Key Takeaways: Finding Product Market Fit Workshop

Alexandra Nemeth

Senior Manager, Content Marketing & Storytelling at MovingWorlds

The TRANSFORM Support Hub is a single platform where social entrepreneurs can access time- and money-saving guides/templates, a supportive community of peers to learn with and from, as well as direct connections to industry leaders and potential corporate partners who can help you grow your impact and revenues. 

In February, we introduced “thematic learning groups” to bring these elements together in a time bound way. These groups are a monthly opportunity for entrepreneurs to engage in a specific aspect of the TRANSFORM Support Hub curriculum, work through associated guides with their peers and the MovingWorlds team, and then get feedback on the progress they’ve made from an Industry Leader. 

Below, we’ll share an overview of our first thematic learning group, along with key takeaways shared during the closing Industry Leader webinar with Unilever’s Global Sustainability Director, Clive Allison.

Working Together to Find Product-Market Fit

Our March thematic learning group was centered around the topic of finding product market fit, a key enabler of growing revenues and impact. As entrepreneur and venture capitalist Marc Andreessen said, “The life of any startup can be divided into two parts — before product/market fit and after product/market fit.

To do this successfully, you need to clearly understand who your customer is, what problem they are trying to solve, and how you can solve that problem better than your competitors. 

Over the past month, our group worked together to find product-market fit through 4 steps:

  1. Mapping the value chain to identify different buyers and strategic partners
  2. Brainstorming and adding details for each segment, then prioritizing them
  3. Translating those insights to a business model canvas in order to document assumptions and align on where to focus (Editor’s note: learn more about how to use the business model canvas as a social enterprise here)
  4. Creating customized value propositions and positioning statements for each segment
Screenshot from the TRANSFORM Support Hub "Finding Product-Market Fit" Learning Guide and Closing Webinar

Our learning journey culminated in the closing Industry Leader webinar with Clive Allison, where participants had an opportunity to put these skills into practice and get direct feedback from Clive from the perspective of a corporate sustainability leader.

Product-Market Fit From a Corporate Perspective

In his role as Global Sustainability Director for Unilever, Clive is responsible for global partnerships and new business model development. Reflecting on his 20+ years of experience in research, development, and innovation, Clive shared, “What I’ve learned is that there is a huge opportunity when you partner. When you are looking to do something disruptive, partnerships are a prerequisite to success.” Below are key themes Clive shared about developing successful partnerships:

It’s a two-way street

Social enterprises have a lot to learn from corporations, but as Clive pointed out, corporations have a lot to learn from social enterprises too — particularly when it comes to business model innovation. Understanding that it’s a two-way street is key to pitching and building a successful cross-sector partnership. The most successful collaborations are truly a ‘win-win’ for both parties.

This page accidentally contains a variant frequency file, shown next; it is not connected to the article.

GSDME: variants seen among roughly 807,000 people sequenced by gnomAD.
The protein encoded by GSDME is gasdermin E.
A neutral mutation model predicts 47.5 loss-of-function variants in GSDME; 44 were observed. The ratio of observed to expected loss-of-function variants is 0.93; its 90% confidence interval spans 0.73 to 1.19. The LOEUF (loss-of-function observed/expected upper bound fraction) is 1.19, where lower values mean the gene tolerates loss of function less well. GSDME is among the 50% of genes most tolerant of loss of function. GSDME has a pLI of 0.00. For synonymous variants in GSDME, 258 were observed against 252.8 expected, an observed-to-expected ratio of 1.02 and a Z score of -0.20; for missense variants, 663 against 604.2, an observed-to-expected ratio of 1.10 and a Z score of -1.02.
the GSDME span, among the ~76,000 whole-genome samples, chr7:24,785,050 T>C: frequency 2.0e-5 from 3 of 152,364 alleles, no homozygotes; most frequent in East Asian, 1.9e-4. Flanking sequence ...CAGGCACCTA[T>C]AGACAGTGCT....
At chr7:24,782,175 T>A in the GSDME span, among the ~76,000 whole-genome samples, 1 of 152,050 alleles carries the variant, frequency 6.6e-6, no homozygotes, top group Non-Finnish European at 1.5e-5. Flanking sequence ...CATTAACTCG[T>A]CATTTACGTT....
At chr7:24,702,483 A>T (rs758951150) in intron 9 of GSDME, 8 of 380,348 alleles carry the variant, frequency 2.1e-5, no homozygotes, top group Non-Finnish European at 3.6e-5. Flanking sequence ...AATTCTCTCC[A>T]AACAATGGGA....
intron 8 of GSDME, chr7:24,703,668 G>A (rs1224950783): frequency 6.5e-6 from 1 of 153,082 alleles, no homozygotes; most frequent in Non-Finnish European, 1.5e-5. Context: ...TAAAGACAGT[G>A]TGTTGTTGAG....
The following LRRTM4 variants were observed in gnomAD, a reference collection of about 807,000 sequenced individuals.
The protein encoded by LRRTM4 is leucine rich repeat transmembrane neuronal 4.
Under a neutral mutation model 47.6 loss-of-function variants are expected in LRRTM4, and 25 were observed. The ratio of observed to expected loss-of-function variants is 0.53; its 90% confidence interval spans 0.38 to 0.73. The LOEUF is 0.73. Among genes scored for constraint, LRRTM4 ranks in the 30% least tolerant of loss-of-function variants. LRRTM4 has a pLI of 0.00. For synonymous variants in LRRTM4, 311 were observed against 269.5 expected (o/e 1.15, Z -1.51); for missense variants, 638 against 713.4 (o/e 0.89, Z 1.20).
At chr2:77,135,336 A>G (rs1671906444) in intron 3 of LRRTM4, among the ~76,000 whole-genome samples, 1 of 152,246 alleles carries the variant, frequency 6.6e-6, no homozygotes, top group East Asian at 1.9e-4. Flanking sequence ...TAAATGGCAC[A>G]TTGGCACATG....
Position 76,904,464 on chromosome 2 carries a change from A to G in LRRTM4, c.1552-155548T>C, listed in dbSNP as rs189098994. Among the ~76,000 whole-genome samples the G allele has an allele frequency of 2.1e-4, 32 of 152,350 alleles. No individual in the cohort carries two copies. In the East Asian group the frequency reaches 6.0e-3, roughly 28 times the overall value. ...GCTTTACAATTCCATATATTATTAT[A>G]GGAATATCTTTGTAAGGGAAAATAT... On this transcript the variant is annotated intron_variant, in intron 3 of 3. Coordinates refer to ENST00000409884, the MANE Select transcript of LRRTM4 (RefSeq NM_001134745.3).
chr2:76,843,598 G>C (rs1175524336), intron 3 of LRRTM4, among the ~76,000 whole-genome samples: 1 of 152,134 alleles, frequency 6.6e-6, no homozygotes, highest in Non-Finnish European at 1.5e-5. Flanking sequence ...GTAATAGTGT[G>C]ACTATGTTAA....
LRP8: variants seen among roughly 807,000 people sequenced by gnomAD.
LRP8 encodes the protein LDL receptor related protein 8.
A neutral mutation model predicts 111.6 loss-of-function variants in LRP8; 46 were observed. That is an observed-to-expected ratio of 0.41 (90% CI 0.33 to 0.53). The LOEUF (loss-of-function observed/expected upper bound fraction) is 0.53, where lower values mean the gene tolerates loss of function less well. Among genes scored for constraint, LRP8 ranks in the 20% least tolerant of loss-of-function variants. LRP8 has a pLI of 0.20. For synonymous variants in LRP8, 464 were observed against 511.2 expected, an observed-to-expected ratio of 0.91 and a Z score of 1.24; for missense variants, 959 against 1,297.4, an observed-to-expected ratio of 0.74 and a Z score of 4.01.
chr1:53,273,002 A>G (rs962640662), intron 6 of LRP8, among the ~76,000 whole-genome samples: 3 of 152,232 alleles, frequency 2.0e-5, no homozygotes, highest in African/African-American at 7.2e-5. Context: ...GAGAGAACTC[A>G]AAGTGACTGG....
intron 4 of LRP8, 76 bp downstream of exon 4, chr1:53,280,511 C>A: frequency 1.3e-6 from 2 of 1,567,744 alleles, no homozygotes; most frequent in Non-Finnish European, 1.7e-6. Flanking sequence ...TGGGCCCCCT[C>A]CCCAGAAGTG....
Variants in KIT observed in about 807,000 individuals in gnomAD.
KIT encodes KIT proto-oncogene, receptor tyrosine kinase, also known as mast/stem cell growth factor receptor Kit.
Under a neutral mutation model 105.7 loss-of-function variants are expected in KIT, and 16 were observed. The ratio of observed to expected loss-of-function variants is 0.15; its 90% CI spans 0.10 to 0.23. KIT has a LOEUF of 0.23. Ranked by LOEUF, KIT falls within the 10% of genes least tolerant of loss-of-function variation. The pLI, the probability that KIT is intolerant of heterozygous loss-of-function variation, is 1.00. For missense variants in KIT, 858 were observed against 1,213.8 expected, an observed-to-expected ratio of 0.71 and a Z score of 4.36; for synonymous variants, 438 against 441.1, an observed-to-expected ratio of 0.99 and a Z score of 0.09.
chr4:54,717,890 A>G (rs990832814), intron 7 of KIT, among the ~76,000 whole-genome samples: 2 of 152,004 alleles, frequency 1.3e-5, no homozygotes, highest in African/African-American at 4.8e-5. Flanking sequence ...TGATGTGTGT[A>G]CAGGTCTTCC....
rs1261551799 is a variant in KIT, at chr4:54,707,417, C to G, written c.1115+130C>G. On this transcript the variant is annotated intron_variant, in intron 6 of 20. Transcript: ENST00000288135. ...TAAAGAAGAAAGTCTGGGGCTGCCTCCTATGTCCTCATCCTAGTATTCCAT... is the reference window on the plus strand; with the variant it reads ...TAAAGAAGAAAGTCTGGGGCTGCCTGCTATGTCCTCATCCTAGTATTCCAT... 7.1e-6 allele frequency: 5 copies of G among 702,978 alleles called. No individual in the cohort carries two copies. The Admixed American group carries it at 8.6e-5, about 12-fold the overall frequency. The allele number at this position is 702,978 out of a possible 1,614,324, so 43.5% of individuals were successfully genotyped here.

Frame your pitch through the corporate lens

As Clive explained, there are two lenses you can look at your value chain and business model through — your own, and the corporations. The first is how you, as the social entrepreneur sees it: this includes addressing immediate challenges like cashflow, sales, or market access. This is really helpful when working through the guides and templates to arrive at your value proposition, but when pitching that value proposition to a corporation, you need to step out of your perspective and into theirs.

When evaluating a pitch, corporations are looking for opportunities that are strategically aligned, have scale potential, and are a manageable risk. If you can prove those 3 things, that will lead to other questions, discussions and even opportunities.

Instead of leading with a general description of what your enterprise does, START with the problem you’re solving for the potential corporate partner. Think along the lines of, “I’ve got a way to solve your problem more quickly and easily than you thought was possible.” Once you’ve got their interest, THEN explain how your business does that. 

Bring the evidence – or a plan to get evidence together

Potential corporate partners want to know that you’ve not only thought through your value proposition, but also validated it. Has your solution worked in similar contexts before? Be prepared with examples of something you’ve done in the market that is close to what you are proposing you can do for the potential corporate partner. Large companies in particular tend to be risk-averse, and evidence that it has worked before builds confidence it will work for them.

If you don’t have relevant examples or evidence to back up your claims, be ready to answer the question “What would a pilot look like, and how might we fund it together?” No one wants to take a chance without evidence, so think about how you and the corporation could work together to create some evidence, through a pilot, in a low cost and low risk way.

We’re so grateful to the inspiring social entrepreneurs who participated in this inaugural thematic learning group, and to Clive for sharing his time and insights with us. We look forward to launching the next thematic learning group in March on the topic of “Branding & Positioning” – if your social enterprise could benefit from this kind of targeted support, capacity-building, and networking, we invite you to join us by applying to the TRANSFORM Support Hub!